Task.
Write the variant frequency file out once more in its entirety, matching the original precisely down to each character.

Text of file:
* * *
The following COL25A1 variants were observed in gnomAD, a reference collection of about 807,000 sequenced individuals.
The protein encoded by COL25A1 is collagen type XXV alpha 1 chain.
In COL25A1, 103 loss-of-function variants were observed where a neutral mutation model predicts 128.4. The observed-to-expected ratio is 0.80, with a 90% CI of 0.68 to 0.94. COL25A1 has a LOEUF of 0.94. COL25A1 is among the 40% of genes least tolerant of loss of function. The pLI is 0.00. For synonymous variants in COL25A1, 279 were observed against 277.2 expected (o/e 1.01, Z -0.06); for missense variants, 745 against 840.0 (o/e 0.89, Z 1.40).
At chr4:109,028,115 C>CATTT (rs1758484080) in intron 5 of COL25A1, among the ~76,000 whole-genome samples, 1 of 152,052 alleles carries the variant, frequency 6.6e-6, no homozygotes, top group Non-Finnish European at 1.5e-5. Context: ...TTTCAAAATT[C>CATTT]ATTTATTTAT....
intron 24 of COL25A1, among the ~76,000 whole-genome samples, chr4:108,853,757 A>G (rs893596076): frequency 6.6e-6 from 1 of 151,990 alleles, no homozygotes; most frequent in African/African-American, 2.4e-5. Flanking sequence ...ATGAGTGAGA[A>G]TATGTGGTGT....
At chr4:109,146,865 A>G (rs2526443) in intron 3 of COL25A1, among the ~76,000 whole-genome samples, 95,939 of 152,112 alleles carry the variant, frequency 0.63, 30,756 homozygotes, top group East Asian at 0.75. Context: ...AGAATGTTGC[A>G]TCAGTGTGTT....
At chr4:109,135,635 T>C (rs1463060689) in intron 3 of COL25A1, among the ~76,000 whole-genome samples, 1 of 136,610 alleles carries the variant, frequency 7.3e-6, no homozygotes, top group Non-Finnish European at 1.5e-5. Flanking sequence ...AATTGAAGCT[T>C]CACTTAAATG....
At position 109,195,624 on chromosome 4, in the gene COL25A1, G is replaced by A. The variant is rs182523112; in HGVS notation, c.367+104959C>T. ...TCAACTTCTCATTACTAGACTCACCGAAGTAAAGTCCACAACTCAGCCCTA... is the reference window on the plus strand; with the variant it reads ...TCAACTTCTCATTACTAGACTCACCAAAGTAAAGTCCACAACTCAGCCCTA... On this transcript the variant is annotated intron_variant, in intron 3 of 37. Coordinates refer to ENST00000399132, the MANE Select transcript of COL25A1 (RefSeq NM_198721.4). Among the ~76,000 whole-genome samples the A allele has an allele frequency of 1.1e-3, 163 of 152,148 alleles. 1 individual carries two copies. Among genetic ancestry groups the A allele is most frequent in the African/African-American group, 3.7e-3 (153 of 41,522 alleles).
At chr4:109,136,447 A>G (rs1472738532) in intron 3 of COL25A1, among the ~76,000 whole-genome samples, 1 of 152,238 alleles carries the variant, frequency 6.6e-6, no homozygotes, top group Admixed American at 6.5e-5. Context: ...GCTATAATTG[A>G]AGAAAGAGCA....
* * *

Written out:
The following COL25A1 variants were observed in gnomAD, a reference collection of about 807,000 sequenced individuals.
The protein encoded by COL25A1 is collagen type XXV alpha 1 chain.
In COL25A1, 103 loss-of-function variants were observed where a neutral mutation model predicts 128.4. The observed-to-expected ratio is 0.80, with a 90% CI of 0.68 to 0.94. COL25A1 has a LOEUF of 0.94. COL25A1 is among the 40% of genes least tolerant of loss of function. The pLI is 0.00. For synonymous variants in COL25A1, 279 were observed against 277.2 expected (o/e 1.01, Z -0.06); for missense variants, 745 against 840.0 (o/e 0.89, Z 1.40).
At chr4:109,028,115 C>CATTT (rs1758484080) in intron 5 of COL25A1, among the ~76,000 whole-genome samples, 1 of 152,052 alleles carries the variant, frequency 6.6e-6, no homozygotes, top group Non-Finnish European at 1.5e-5. Context: ...TTTCAAAATT[C>CATTT]ATTTATTTAT....
intron 24 of COL25A1, among the ~76,000 whole-genome samples, chr4:108,853,757 A>G (rs893596076): frequency 6.6e-6 from 1 of 151,990 alleles, no homozygotes; most frequent in African/African-American, 2.4e-5. Flanking sequence ...ATGAGTGAGA[A>G]TATGTGGTGT....
At chr4:109,146,865 A>G (rs2526443) in intron 3 of COL25A1, among the ~76,000 whole-genome samples, 95,939 of 152,112 alleles carry the variant, frequency 0.63, 30,756 homozygotes, top group East Asian at 0.75. Context: ...AGAATGTTGC[A>G]TCAGTGTGTT....
At chr4:109,135,635 T>C (rs1463060689) in intron 3 of COL25A1, among the ~76,000 whole-genome samples, 1 of 136,610 alleles carries the variant, frequency 7.3e-6, no homozygotes, top group Non-Finnish European at 1.5e-5. Flanking sequence ...AATTGAAGCT[T>C]CACTTAAATG....
At position 109,195,624 on chromosome 4, in the gene COL25A1, G is replaced by A. The variant is rs182523112; in HGVS notation, c.367+104959C>T. ...TCAACTTCTCATTACTAGACTCACCGAAGTAAAGTCCACAACTCAGCCCTA... is the reference window on the plus strand; with the variant it reads ...TCAACTTCTCATTACTAGACTCACCAAAGTAAAGTCCACAACTCAGCCCTA... On this transcript the variant is annotated intron_variant, in intron 3 of 37. Coordinates refer to ENST00000399132, the MANE Select transcript of COL25A1 (RefSeq NM_198721.4). Among the ~76,000 whole-genome samples the A allele has an allele frequency of 1.1e-3, 163 of 152,148 alleles. 1 individual carries two copies. Among genetic ancestry groups the A allele is most frequent in the African/African-American group, 3.7e-3 (153 of 41,522 alleles).
At chr4:109,136,447 A>G (rs1472738532) in intron 3 of COL25A1, among the ~76,000 whole-genome samples, 1 of 152,238 alleles carries the variant, frequency 6.6e-6, no homozygotes, top group Admixed American at 6.5e-5. Context: ...GCTATAATTG[A>G]AGAAAGAGCA....